As a report is published into fatalities and injuries caused by police traffic pursuits, one woman tells of her family's heartache after her son was killed by a police car involved in a high-speed chase.
Neil Homer was killed two days after his 20th birthday
Dianne Homer's son Neil was killed on 17 December 1995, just two days after his 20th birthday, by a police car being driven at 100mph.
The accident happened in Oldbury in the West Midlands at about midnight, after Neil had dropped his girlfriend off at her house.
"He was travelling back home and was stationary at some traffic lights," said Mrs Homer.
"The lights turned green and he moved forward, but a police car doing 100mph hit him."
Neil was given assistance at the scene of the crash by a doctor who was nearby, but he died three hours later.
"We went out looking for Neil and came across the accident," Mrs Homer said.
"He was a lovely lad, very quiet. He'd help anybody."
Mrs Homer said the police car had been chasing a car they had suspected of being stolen, which they had believed had pulled away from a burglary.
The officer in the passenger seat of the police car, Pc Robert Dallow, 41, was killed outright, and the driver, Pc Lezlie Collins, was sentenced to three months' imprisonment for causing death by dangerous driving, of which he served six weeks.
Pc Collins was also briefly reinstated in his job by a West Midlands police disciplinary hearing, which sparked furious protests from the Homer family, before later retiring from the force.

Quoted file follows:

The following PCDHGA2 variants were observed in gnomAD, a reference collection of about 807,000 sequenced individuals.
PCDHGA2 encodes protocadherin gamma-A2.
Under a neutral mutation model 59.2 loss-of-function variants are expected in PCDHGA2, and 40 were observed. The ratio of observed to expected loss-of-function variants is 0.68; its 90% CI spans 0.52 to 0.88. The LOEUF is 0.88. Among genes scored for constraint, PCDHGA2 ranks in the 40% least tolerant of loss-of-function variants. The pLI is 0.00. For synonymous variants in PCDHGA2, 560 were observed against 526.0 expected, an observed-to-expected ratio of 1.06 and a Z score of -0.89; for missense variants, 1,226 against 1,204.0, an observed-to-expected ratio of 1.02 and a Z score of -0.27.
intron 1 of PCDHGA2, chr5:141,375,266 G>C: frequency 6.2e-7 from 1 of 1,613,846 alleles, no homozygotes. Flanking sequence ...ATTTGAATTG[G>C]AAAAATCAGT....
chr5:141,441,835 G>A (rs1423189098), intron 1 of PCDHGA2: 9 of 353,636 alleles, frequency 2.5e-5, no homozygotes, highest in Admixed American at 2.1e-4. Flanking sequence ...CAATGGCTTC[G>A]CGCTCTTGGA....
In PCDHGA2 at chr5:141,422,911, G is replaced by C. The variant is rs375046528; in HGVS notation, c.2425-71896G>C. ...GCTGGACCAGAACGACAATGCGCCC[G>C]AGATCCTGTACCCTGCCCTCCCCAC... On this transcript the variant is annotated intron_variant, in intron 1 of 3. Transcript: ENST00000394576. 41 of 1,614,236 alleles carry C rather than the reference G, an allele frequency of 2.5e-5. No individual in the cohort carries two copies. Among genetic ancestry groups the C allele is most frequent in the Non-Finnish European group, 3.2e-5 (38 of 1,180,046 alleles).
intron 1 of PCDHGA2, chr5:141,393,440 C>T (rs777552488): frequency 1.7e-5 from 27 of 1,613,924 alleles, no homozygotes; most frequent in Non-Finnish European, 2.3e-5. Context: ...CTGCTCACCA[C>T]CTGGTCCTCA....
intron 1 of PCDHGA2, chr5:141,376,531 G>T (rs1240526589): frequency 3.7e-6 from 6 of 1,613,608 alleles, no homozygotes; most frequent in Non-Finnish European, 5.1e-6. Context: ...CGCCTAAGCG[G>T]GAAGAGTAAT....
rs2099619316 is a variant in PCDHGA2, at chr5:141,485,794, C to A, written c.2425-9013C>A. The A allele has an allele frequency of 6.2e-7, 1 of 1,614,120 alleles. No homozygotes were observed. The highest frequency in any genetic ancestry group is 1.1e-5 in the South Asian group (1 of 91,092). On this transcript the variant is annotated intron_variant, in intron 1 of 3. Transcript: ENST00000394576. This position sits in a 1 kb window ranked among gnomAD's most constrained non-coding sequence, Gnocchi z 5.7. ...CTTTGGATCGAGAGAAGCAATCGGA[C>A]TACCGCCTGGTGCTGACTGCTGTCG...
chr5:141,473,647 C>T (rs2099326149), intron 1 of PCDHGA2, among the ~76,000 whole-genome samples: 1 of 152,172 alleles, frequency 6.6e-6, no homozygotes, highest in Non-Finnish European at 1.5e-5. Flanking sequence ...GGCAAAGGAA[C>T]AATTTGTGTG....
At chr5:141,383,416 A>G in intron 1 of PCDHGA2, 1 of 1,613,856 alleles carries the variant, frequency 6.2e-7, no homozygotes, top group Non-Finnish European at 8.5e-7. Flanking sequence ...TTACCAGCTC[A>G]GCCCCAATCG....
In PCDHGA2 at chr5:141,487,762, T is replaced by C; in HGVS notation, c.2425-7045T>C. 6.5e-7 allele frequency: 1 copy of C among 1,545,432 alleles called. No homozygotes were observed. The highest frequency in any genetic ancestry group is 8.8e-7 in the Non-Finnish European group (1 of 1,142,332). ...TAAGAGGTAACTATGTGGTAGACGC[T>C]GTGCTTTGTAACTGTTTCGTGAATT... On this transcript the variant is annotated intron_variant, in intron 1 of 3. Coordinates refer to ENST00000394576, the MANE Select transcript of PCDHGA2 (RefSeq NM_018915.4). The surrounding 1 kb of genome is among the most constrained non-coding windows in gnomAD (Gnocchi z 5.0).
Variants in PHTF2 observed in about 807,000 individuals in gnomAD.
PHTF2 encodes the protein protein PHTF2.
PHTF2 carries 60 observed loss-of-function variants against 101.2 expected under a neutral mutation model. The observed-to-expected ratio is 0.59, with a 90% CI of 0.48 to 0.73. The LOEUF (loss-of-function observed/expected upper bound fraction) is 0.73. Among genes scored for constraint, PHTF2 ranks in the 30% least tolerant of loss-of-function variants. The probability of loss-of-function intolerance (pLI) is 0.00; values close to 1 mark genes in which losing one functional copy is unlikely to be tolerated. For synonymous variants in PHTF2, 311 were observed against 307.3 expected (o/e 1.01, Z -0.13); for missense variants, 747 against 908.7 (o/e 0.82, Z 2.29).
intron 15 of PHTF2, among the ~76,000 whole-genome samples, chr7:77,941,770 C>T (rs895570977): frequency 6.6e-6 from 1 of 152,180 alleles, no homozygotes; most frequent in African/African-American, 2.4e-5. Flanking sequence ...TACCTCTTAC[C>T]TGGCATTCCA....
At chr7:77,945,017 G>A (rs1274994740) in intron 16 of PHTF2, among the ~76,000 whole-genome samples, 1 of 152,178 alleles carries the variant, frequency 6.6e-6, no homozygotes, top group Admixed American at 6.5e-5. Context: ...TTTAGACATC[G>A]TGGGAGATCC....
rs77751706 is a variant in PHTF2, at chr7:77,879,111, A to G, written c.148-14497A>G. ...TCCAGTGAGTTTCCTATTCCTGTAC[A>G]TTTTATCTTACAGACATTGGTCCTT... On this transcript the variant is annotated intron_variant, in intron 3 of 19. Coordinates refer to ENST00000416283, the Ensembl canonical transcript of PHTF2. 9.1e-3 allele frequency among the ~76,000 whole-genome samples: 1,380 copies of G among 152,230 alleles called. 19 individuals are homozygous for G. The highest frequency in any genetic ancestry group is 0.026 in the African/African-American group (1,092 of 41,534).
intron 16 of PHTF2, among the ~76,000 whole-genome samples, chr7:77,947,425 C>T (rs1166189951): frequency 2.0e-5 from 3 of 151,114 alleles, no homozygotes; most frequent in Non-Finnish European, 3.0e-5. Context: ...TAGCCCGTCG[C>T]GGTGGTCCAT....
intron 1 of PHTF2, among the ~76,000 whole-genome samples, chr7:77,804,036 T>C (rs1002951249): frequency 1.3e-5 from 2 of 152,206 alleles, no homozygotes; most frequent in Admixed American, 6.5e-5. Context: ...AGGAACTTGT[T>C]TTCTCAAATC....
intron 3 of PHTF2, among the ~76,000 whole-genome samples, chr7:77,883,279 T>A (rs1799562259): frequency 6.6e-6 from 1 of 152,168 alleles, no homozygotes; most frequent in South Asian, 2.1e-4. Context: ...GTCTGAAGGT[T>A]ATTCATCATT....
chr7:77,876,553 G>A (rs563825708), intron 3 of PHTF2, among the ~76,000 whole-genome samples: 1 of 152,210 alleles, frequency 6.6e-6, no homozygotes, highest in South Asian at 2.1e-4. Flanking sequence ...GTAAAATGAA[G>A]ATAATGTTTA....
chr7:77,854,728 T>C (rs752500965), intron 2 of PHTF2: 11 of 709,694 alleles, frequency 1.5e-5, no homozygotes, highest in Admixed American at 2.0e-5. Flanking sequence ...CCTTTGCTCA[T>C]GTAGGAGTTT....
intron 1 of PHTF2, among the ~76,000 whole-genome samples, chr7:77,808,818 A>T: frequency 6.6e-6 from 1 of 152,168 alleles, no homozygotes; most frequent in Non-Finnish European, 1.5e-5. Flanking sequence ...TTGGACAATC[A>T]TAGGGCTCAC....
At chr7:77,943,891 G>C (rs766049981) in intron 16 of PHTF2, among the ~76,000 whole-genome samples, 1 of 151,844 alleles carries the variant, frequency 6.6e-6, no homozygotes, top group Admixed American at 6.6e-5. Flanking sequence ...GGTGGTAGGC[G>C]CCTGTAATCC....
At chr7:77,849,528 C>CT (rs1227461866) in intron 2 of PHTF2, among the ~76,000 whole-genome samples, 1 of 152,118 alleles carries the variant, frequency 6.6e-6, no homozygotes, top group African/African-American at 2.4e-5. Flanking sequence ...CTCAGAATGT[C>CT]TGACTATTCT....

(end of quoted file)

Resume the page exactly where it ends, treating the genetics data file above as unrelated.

Mrs Homer said: "I don't think it's worth having a high-speed pursuit, because even if the police do catch them, they don't get a big sentence. And if it goes wrong, innocent people are killed."
She also said the pain caused to her family was "devastating" and that her husband Dennis, who died 18 months ago aged 59, "never got over" his son's death.
"It devastated the family. Neil was one of twins, and his sister Joanne cancelled her 21st birthday celebration because she was so upset. And it's still not very nice for her, whenever she has a birthday.
"Dennis was always doing something, he was campaigning for speed cameras or giving his opinion if there was a similar crash somewhere. He never gave up on it."
Mrs Homer said the family had placed a plaque at the site of Neil's accident, and that both she and his friends ensure there is a constant presence of flowers there.
"It's been over 10 years but there's always flowers put down. We'll never forget him."
'Risks are minimised'
A West Midlands Police spokesman said the crash had been a "sad and difficult case" and measures had been put in place to ensure chases were as safe as possible.
He said: "The policy is still under constant review and the safety of the public, police officers and those being pursued is of paramount importance.
"The policy requires that pursuits in the West Midlands are only undertaken by qualified advanced drivers, in appropriate vehicles and are overseen by an inspector in the force communications centre.
"The force helicopter is also used in pursuits to further minimise the risks involved in such incidents."